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Matt Strahm raises safety concerns over MLB teams extending alcohol sales

CBS News Philadelphia uncovering the heart behind every headline
CBS News Philadelphia uncovering the heart behind every headline 00:59

PHILADELPHIA (CBS/AP) -- Don't count Philadelphia Phillies pitcher Matt Strahm as a fan of MLB teams moving beer sales back due to the shortened time of baseball games.

Strahm said on the "Baseball Isn't Boring" podcast Thursday that teams should be ending alcohol sales in the sixth inning, not pushing sales back to the eighth in the pitch clock era.

"The reason we stopped it in the seventh before is to give our fans time to sober up and drive home safe, correct?" Strahm said. "So, now with a faster pace game and me just being a man of common sense, if the game is going to finish quicker, would we not move the beer sales back to the sixth inning to give our fans time to sober up and drive home?"

"Instead," Strahm added, "we're going to the eighth and now you're putting our fans and our family at risk driving home with people who just drank beers 22 minutes ago."

The 31-year-old Strahm added that it "makes no sense" to him that teams are extending alcohol sales to the eighth inning.

"Just being a common-sense thinker," he said, "just being a fan of the game and just looking out for people, it would make more sense if you stop sales in the sixth."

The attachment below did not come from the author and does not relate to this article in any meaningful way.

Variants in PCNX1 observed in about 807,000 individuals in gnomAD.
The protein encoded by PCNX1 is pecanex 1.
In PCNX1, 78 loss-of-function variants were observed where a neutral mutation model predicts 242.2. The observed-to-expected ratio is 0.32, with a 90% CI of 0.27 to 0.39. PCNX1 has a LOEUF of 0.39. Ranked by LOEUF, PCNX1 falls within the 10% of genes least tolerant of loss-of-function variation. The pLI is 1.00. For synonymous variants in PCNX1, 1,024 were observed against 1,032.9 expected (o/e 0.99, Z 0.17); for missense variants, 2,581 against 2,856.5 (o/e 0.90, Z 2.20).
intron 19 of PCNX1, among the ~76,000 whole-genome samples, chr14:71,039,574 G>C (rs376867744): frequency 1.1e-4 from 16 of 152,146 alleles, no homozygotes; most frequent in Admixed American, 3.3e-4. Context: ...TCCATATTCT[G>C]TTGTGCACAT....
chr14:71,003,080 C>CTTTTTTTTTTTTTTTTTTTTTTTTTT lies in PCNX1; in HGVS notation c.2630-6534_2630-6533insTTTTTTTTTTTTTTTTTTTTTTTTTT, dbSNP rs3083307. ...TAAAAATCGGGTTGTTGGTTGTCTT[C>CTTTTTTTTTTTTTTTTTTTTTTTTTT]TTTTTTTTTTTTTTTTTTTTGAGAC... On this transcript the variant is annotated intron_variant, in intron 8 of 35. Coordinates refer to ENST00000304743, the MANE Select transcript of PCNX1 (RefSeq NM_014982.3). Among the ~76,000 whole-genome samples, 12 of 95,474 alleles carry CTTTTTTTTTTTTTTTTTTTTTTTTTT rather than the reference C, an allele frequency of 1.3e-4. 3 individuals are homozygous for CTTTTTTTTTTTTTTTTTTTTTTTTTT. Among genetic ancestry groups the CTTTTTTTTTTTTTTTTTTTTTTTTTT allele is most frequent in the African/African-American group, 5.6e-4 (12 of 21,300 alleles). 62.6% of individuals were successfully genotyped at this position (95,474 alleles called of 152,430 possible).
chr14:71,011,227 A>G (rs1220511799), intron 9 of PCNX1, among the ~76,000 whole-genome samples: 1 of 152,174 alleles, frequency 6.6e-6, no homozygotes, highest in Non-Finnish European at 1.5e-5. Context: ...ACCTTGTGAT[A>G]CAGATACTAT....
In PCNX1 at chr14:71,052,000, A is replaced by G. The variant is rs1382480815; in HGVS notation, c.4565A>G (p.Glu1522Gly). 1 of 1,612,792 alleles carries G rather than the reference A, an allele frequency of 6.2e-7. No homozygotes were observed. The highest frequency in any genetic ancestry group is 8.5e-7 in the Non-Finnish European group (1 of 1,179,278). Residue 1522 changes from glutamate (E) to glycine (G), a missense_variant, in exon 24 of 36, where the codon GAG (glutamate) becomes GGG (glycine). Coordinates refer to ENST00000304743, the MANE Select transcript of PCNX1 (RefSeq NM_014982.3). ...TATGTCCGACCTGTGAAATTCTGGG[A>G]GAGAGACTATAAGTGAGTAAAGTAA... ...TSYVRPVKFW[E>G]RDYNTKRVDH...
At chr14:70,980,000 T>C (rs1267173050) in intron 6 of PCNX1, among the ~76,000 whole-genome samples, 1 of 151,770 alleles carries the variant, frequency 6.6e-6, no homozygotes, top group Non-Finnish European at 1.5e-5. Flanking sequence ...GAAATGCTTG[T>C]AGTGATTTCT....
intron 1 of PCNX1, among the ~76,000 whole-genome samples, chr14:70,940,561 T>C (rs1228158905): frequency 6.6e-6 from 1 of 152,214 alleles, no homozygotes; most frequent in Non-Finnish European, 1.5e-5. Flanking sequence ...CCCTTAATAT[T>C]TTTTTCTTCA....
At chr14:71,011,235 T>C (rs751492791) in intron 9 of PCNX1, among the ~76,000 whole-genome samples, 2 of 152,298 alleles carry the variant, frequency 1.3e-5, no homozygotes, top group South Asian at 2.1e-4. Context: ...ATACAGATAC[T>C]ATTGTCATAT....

Teams historically have stopped selling alcohol after the seventh.

At least four teams, per The Associated Press, are extending alcohol sales through the eighth inning: the Arizona Diamondbacks, Milwaukee Brewers, Minnesota Twins and Texas Rangers.

At least one team, the Baltimore Orioles, already sold alcohol through the eighth inning, or until 3 1/2 hours after first pitch, whichever came first.

MLB games have been considerably shorter this season, largely thanks to a series of rule changes, particularly the new pitch clock. Through the first 1 1/2 weeks of the season, the average game time was down 31 minutes, on track to be the sport's lowest since 1984.  

MLB says it does not regulate when teams sell alcohol. Most franchises have used the seventh inning as a cutoff, at least partly to avoid overserving customers who could then get in their cars and drive home.

Strahm also said on the podcast Thursday that he isn't a fan of the pitch clock. 

"Baseball is a beautiful game where it starts and stops with the pitcher and the clock, again it's here to stay," Strahm said. "It is what it is. I'll adapt to it, but as a fan of baseball, I don't like it. Even as a player, it feels like I'm playing more so basketball than baseball. It's just constant up and down."

The left-handed Swiss Army knife pitcher said he's concerned injuries will pile up because of the clock.

As for the ban on the shift and the larger bases, Strahm said he likes the changes.

Strahm signed with the Phillies as a reliever in the offseason but was forced into the rotation because of injuries.

This season, Strahm has 10 scoreless innings across three games and two starts.

Strahm is scheduled to start for the Phillies on Saturday in Cincinnati.

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